ROT Rally organizers credit safety campaign for drop-off in biker deaths


AUSTIN (KXAN) — A wreck Saturday afternoon between a motorcycle and a truck that left a man dead and a woman critically injured is the first fatal crash involving a biker during the Republic of Texas Biker Rally since 2013.

Organizers say that’s not by accident.

As the ROT Rally rolled into its final big night over the weekend, Justin Boatner rolled into town for his first rally. The ride in from Weatherford in north Texas on a borrowed motorcycle was smooth, he said, but he’s always thinking about everyone else on the road with him.

“Some of them don’t see you, you know,” he said. “That’s pretty much what you have to believe. You just have to believe they have no idea you’re on a bike. You’re a ghost.”

According to KXAN’s records, from 2010 to 2013, 10 people died on bikes around Austin during the rally. Half of those deaths happened in 2012 alone.

Jerry Bragg, president of the Republic of Texas Biker Rally, Inc., said four years ago that he and his staff stopped looking at the problem just in the rear-view mirror and started taking proactive steps to make sure that everyone who rode out did so a little more safely.

“I think the thing that prompted us to really get involved is we had, one year, 13 accidents,” Bragg said. He couldn’t say how many of those were fatal, “but that was a big number to us and we got really concerned.”

So, starting four years ago, they started working with TxDOT.

“For one year we came up with slogans, billboards, wristband ties,” he said, with wordings like, “ride safe; bikes are everywhere.”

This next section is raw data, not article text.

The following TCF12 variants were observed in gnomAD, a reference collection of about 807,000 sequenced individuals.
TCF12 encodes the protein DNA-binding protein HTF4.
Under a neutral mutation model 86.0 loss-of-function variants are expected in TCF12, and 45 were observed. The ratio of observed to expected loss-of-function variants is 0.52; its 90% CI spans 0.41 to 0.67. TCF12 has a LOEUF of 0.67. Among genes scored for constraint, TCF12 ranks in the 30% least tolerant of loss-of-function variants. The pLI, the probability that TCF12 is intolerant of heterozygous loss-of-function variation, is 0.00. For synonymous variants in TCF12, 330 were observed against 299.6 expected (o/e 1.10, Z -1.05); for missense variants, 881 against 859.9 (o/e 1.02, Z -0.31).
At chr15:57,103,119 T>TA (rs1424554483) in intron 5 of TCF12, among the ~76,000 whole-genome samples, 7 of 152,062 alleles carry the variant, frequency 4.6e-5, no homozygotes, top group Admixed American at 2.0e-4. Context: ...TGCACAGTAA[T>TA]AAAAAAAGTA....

You’ve probably seen the portable electronic signs all over local highways that warn drivers about the increased presence of motorcycles during the rally; Bragg said they also remind bikers to ride safely.

During the last three rallies since that safety campaign started, from 2014 through 2016, KXAN’s records show there have been zero biker deaths — until this year.

“That saddens us,” Bragg said, “but TxDOT has done a marvelous job.”

“Unfortunately, you have this many people, there’s that odds, you know,” Boatner said. He hasn’t been riding very long compared to some of the others coming in for the rally, but he said the thought of the risk is constantly bouncing around under his helmet.

“Every time you get on your bike you want to have that mindset of this could happen, so I want to be prepared for it,” he said.

Whatever went wrong Saturday, tens of thousands of riders come and go every year safely; Bragg said they’ll keep working to keep it that way.

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